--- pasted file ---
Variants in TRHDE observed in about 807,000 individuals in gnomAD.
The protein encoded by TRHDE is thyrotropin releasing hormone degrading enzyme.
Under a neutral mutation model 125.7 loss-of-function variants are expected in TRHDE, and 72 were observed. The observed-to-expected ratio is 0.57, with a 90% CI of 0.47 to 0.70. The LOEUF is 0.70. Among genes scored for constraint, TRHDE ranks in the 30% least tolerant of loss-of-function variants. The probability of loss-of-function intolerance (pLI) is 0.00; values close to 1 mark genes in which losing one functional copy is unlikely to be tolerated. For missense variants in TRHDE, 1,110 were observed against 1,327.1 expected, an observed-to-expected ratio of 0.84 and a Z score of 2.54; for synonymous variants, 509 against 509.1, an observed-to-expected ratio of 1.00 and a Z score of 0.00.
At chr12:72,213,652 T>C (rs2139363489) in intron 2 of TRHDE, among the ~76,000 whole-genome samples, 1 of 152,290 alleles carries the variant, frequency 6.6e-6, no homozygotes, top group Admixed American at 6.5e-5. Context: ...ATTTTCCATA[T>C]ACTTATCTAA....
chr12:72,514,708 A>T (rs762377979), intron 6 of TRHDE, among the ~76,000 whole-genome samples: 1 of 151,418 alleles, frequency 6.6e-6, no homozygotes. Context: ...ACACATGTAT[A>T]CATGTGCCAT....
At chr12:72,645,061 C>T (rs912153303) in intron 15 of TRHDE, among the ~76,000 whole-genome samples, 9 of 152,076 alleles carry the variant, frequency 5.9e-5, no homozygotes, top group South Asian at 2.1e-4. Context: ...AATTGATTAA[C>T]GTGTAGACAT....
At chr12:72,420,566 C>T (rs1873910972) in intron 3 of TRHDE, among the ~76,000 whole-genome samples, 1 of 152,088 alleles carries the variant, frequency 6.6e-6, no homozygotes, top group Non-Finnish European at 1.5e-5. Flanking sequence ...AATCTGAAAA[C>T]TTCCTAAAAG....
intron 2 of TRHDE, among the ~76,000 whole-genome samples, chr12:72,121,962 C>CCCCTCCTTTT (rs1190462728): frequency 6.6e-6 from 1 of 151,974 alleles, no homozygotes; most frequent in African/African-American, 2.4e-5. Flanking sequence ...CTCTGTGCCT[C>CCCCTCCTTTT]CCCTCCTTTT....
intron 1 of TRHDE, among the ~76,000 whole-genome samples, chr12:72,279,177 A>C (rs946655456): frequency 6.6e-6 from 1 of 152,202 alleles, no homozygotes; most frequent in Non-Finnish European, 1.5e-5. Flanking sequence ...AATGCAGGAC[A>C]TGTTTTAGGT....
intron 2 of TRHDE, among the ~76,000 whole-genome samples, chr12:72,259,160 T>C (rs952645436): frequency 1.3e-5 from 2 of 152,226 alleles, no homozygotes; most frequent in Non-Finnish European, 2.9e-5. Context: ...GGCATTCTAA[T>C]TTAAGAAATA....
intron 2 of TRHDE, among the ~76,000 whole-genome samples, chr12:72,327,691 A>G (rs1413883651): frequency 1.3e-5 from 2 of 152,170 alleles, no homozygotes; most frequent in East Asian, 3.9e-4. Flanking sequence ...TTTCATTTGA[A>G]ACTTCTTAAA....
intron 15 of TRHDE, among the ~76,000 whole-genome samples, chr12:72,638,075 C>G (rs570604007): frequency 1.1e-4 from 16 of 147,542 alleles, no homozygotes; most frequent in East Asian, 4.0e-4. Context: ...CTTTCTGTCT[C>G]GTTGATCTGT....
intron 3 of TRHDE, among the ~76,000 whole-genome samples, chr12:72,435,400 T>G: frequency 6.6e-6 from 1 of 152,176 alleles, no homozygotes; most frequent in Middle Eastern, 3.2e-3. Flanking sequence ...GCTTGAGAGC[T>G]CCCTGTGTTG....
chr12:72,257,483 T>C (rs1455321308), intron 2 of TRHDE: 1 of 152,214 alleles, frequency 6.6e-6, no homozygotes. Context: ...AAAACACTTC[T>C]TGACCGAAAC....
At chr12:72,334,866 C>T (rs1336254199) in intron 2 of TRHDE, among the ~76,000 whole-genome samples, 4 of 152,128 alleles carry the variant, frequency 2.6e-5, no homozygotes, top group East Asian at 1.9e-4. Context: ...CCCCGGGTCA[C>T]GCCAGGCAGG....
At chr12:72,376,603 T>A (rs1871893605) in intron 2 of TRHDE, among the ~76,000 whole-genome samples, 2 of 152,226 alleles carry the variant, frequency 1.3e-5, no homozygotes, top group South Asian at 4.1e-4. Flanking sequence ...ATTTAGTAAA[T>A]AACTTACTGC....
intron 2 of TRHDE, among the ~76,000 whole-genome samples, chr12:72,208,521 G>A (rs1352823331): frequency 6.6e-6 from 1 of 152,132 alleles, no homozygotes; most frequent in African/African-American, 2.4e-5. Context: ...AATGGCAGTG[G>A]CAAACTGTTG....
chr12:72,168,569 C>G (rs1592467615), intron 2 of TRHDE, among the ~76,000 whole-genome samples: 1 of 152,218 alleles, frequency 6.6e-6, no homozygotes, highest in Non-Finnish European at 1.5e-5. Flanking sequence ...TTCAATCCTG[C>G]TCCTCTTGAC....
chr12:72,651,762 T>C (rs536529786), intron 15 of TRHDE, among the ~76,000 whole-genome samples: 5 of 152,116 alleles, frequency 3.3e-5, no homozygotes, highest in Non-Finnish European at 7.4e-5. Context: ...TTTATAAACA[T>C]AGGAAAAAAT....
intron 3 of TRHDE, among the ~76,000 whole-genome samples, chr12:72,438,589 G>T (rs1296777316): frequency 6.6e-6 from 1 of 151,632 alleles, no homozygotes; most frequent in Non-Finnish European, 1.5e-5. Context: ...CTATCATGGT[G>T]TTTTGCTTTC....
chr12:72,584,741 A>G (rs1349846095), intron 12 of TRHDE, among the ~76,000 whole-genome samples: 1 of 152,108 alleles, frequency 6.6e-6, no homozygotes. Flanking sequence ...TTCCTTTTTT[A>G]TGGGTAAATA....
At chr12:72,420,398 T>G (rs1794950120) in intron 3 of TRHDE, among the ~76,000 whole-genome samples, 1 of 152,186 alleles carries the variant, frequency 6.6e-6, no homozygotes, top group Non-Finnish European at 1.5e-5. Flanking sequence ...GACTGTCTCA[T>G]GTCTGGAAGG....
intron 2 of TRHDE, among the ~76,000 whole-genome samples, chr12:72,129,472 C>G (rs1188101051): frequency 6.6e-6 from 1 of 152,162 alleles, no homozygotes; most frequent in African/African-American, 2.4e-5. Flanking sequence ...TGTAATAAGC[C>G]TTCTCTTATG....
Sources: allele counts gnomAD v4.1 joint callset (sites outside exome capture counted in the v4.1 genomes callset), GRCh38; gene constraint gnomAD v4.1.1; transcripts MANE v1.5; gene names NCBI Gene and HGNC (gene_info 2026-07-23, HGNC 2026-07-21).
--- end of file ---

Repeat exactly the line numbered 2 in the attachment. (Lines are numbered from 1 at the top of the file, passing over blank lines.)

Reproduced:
The protein encoded by TRHDE is thyrotropin releasing hormone degrading enzyme.